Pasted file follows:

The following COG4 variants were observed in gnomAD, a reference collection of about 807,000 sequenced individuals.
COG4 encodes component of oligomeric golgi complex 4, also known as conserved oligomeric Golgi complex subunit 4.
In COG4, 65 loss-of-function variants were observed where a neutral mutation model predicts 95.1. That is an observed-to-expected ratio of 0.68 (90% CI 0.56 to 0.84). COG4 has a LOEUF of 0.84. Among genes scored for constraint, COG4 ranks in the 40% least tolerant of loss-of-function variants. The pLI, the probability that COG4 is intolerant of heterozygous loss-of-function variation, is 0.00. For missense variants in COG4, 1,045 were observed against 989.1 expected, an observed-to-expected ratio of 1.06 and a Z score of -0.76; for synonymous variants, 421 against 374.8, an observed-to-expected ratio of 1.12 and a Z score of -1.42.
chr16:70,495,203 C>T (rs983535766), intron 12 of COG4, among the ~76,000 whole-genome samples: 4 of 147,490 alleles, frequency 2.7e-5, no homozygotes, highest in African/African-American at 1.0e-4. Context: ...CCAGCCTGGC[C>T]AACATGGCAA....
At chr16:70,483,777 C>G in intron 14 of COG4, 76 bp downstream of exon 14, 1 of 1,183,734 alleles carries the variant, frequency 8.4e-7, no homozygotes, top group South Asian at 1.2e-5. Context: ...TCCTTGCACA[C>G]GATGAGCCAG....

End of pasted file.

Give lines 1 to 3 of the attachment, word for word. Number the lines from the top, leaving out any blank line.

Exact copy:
The following COG4 variants were observed in gnomAD, a reference collection of about 807,000 sequenced individuals.
COG4 encodes component of oligomeric golgi complex 4, also known as conserved oligomeric Golgi complex subunit 4.
In COG4, 65 loss-of-function variants were observed where a neutral mutation model predicts 95.1. That is an observed-to-expected ratio of 0.68 (90% CI 0.56 to 0.84). COG4 has a LOEUF of 0.84. Among genes scored for constraint, COG4 ranks in the 40% least tolerant of loss-of-function variants. The pLI, the probability that COG4 is intolerant of heterozygous loss-of-function variation, is 0.00. For missense variants in COG4, 1,045 were observed against 989.1 expected, an observed-to-expected ratio of 1.06 and a Z score of -0.76; for synonymous variants, 421 against 374.8, an observed-to-expected ratio of 1.12 and a Z score of -1.42.